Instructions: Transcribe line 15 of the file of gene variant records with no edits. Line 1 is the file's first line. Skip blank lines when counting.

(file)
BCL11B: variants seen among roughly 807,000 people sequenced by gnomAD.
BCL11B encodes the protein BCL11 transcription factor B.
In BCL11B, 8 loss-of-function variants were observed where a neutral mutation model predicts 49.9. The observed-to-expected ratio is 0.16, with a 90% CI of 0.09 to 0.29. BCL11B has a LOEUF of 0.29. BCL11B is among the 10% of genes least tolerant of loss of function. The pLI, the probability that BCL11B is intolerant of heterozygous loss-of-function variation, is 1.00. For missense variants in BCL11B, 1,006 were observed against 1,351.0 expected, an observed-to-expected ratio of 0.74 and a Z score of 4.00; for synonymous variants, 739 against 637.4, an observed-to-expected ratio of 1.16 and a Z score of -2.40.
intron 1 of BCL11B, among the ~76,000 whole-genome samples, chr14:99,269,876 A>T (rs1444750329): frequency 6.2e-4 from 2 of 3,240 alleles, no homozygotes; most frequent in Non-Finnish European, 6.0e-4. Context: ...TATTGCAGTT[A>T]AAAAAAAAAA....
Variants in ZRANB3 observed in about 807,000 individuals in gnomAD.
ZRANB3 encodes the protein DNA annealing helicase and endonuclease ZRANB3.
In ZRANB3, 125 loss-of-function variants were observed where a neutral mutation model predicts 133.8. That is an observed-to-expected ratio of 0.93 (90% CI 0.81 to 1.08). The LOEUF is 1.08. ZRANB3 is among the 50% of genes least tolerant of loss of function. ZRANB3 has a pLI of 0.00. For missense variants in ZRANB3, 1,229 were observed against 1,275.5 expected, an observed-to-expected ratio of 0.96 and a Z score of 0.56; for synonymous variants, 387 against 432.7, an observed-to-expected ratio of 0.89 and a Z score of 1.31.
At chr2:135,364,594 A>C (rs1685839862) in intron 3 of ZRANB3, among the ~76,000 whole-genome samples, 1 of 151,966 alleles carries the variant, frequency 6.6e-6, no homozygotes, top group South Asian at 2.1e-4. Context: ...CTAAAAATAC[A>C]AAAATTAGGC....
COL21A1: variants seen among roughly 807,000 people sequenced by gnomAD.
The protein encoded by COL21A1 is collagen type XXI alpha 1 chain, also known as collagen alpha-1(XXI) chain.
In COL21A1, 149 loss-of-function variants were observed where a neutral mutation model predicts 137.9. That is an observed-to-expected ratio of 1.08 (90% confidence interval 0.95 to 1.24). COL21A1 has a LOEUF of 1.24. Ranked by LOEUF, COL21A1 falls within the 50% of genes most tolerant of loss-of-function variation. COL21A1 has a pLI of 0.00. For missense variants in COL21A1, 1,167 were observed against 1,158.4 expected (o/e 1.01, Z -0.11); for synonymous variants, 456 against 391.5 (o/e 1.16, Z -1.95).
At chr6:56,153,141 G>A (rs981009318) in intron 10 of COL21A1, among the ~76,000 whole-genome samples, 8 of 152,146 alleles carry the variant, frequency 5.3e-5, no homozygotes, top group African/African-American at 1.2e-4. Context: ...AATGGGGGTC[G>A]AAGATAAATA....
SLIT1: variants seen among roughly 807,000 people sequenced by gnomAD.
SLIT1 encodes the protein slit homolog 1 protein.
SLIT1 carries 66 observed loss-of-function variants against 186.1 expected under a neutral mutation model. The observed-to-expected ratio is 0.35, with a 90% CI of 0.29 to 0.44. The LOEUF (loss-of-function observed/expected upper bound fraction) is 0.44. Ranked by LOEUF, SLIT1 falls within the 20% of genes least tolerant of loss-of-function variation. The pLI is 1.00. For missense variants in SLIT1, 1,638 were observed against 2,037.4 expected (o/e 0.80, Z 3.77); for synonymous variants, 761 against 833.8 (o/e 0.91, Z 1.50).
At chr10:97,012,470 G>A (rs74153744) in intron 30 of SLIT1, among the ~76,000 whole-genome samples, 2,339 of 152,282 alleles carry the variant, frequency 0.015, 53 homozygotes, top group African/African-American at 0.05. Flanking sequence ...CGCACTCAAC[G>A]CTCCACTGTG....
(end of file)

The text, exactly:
SLIT1 carries 66 observed loss-of-function variants against 186.1 expected under a neutral mutation model. The observed-to-expected ratio is 0.35, with a 90% CI of 0.29 to 0.44. The LOEUF (loss-of-function observed/expected upper bound fraction) is 0.44. Ranked by LOEUF, SLIT1 falls within the 20% of genes least tolerant of loss-of-function variation. The pLI is 1.00. For missense variants in SLIT1, 1,638 were observed against 2,037.4 expected (o/e 0.80, Z 3.77); for synonymous variants, 761 against 833.8 (o/e 0.91, Z 1.50).